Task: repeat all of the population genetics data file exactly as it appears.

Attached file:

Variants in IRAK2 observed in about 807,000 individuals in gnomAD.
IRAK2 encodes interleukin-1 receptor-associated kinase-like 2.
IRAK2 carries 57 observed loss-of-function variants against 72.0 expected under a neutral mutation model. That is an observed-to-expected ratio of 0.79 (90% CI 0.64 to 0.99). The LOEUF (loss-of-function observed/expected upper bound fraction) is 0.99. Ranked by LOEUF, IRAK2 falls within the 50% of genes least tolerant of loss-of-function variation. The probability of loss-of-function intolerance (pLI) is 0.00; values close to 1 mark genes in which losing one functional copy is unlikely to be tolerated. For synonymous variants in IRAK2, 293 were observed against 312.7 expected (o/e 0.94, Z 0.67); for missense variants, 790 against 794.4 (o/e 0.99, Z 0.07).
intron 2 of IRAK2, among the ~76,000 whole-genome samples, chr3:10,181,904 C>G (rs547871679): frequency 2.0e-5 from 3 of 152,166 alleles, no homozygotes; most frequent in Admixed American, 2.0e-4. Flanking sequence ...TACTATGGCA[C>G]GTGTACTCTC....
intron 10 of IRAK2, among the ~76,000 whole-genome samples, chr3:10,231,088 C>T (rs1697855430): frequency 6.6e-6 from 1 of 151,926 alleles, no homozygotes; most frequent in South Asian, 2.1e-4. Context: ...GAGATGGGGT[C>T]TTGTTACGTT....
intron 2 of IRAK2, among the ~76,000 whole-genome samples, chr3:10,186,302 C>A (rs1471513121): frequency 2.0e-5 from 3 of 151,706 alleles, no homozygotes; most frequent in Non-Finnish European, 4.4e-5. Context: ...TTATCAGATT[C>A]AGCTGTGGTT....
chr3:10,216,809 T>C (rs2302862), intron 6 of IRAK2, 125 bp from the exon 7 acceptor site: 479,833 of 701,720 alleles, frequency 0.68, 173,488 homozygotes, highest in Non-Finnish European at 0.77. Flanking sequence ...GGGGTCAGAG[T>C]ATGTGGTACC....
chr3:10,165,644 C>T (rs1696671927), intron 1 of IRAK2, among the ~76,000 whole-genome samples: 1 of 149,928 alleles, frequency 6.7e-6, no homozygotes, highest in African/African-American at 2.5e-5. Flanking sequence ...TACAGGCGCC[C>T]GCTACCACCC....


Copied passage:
Variants in IRAK2 observed in about 807,000 individuals in gnomAD.
IRAK2 encodes interleukin-1 receptor-associated kinase-like 2.
IRAK2 carries 57 observed loss-of-function variants against 72.0 expected under a neutral mutation model. That is an observed-to-expected ratio of 0.79 (90% CI 0.64 to 0.99). The LOEUF (loss-of-function observed/expected upper bound fraction) is 0.99. Ranked by LOEUF, IRAK2 falls within the 50% of genes least tolerant of loss-of-function variation. The probability of loss-of-function intolerance (pLI) is 0.00; values close to 1 mark genes in which losing one functional copy is unlikely to be tolerated. For synonymous variants in IRAK2, 293 were observed against 312.7 expected (o/e 0.94, Z 0.67); for missense variants, 790 against 794.4 (o/e 0.99, Z 0.07).
intron 2 of IRAK2, among the ~76,000 whole-genome samples, chr3:10,181,904 C>G (rs547871679): frequency 2.0e-5 from 3 of 152,166 alleles, no homozygotes; most frequent in Admixed American, 2.0e-4. Flanking sequence ...TACTATGGCA[C>G]GTGTACTCTC....
intron 10 of IRAK2, among the ~76,000 whole-genome samples, chr3:10,231,088 C>T (rs1697855430): frequency 6.6e-6 from 1 of 151,926 alleles, no homozygotes; most frequent in South Asian, 2.1e-4. Context: ...GAGATGGGGT[C>T]TTGTTACGTT....
intron 2 of IRAK2, among the ~76,000 whole-genome samples, chr3:10,186,302 C>A (rs1471513121): frequency 2.0e-5 from 3 of 151,706 alleles, no homozygotes; most frequent in Non-Finnish European, 4.4e-5. Context: ...TTATCAGATT[C>A]AGCTGTGGTT....
chr3:10,216,809 T>C (rs2302862), intron 6 of IRAK2, 125 bp from the exon 7 acceptor site: 479,833 of 701,720 alleles, frequency 0.68, 173,488 homozygotes, highest in Non-Finnish European at 0.77. Flanking sequence ...GGGGTCAGAG[T>C]ATGTGGTACC....
chr3:10,165,644 C>T (rs1696671927), intron 1 of IRAK2, among the ~76,000 whole-genome samples: 1 of 149,928 alleles, frequency 6.7e-6, no homozygotes, highest in African/African-American at 2.5e-5. Flanking sequence ...TACAGGCGCC[C>T]GCTACCACCC....